“Goodbye Christopher Robin” reveals the origins of Winnie the Pooh


There is perhaps no more beloved children’s book or character than Winnie the Pooh. For nearly a century now, kids have been delighted by this bear. As such, there’s an avenue for a biopic about author A.A. Milne and the origins of this story. Opening on Friday, Goodbye Christopher Robin seeks to transform Milne’s tale into something that will touch audiences of all ages. Unfortunately, this is a pretty standard issue biopic, without any thing to really set it apart. Awards prospects are slim, but more on that later. Pooh fans might see it as a curiosity, but this writer mostly just views it as a disappointment.

The film is, as mentioned above, a biopic of writer A.A. Milne (Domhnall Gleeson), the man who created Winnie the Pooh. Struggling after seeing the horrors of World War I, A.A., or Alan, finds peace by creating a world with his son C.R. Milne, also known as Christopher Robin. His wife Daphne (Margot Robbie) is far from warm, so this is initially just a wonderful bonding opportunity. Then, once he publishes the story he wrote for Christopher Robin, their creation Winnie the Pooh becomes a worldwide phenomenon. Much is asked of Christopher Robin, especially by his mother, with Alan powerless and nanny Olive (Kelly Macdonald) the only one speaking out for the boy. Simon Curtis directs a script by Frank Cottrell Boyce and Simon Vaughan. The supporting cast includes Shaun Dingwall, Alex Lawther, Richard McCabe, Stephen Campbell Moore, Will Tilston, Phoebe Waller-Bridge, and more. Carter Burwell contributes the score here, while cinematography is by Ben Smithard. The work is fine from all involved, though the flick itself never gets out of neutral.

Movies like this always run the risk of coming off as stodgy and boring. Sadly, this one is incredibly dull. It isn’t until midway through the third act that things get a little lively, but that’s when the emotions are laid on pretty thick. It just doesn’t work. Gleeson is fine and Robbie is an ice queen, but nothing connects here. Not focusing on Winnie the Pooh in any real way gives things a human touch, but that also prevents the youngest of audiences from engaging with this at all. No matter how you slice it, this one is a definite disappointment. The origins of Pooh are worth exploring, but this project doesn’t do it in a satisfying manner.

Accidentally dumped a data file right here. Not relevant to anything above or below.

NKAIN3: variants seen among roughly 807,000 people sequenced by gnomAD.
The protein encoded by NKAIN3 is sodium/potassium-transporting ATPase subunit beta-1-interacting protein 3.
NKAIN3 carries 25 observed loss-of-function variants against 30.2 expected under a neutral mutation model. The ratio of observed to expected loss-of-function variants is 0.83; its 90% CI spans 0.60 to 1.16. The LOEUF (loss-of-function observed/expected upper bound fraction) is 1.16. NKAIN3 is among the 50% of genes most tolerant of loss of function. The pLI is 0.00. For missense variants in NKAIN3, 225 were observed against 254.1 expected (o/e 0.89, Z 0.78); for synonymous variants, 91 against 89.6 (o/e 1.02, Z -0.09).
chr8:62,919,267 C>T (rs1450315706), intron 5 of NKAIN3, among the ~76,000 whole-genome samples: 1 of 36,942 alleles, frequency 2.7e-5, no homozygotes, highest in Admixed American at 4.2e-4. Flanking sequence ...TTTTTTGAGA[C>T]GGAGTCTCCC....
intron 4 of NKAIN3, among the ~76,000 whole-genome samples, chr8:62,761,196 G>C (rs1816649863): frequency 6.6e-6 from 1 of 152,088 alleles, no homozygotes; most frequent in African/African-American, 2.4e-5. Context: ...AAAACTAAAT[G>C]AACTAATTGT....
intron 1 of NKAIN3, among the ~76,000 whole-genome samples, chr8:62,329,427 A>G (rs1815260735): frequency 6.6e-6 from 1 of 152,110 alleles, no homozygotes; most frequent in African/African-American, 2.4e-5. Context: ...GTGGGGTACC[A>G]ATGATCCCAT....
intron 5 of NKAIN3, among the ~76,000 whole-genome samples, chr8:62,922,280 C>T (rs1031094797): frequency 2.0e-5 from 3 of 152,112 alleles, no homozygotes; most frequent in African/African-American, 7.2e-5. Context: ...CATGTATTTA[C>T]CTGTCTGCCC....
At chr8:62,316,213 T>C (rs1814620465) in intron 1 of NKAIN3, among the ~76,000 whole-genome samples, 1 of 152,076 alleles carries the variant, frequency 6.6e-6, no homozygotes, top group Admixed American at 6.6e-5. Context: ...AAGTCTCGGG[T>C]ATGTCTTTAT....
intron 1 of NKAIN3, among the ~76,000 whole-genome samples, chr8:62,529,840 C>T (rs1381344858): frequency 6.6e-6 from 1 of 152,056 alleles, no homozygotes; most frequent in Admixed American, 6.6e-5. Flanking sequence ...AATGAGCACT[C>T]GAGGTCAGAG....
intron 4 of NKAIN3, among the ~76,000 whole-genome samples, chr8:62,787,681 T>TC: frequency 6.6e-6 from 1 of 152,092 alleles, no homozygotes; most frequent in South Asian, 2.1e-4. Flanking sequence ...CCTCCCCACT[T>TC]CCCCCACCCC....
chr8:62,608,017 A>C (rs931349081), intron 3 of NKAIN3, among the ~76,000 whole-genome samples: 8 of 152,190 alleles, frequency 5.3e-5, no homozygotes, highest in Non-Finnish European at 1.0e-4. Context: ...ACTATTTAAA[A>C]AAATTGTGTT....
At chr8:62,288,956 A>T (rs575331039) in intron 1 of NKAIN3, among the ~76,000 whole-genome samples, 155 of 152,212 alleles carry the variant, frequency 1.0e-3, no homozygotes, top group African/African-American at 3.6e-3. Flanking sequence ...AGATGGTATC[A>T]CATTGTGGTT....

Goodbye Christopher Robin seemed like a clear Oscar play by Fox Searchlight from the start, but nominations strike me as unlikely now. Still, a campaign will probably be launched, focusing in on Best Picture, Best Director (for Curtis), Best Actor (for Gleeson), Best Supporting Actress (for Macdonald and Robbie), Best Original Screenplay (for Boyce and Vaughan), and Best Original Score. The only play initially seemed like Robbie in Supporting Actress, but that won’t be happening now. Her baby is I, Tonya this year, without question. This is likely a shutout situation. Frankly, the quality just isn’t there for this one to really contend.

Opening this week, Goodbye Christopher Robin hopes to find Winnie the Pooh fans flocking to theaters. He’s an appealing bear after all, even if he’s hardly the focus here. Family friendly biopics are rare beats, so perhaps Fox Searchlight is on to something? My guess is no, but anything is possible. The talent involved her might make this a slight curiosity on the art house circuit though. Robbie fans should stay tuned for I, Tonya though, since I’ve seen that and it’s mind-blowingly amazing. For now, check this one out if you choose and stay tuned to see if it manages to catch on in any way…

Be on the lookout for Goodbye Christopher Robin, in theaters this weekend!

About Joey Magidson

A graduate of Stony Brook University (where he studied Cinema and Cultural Studies), resides in Brooklyn, New York. He also contributes to several other film-related websites.

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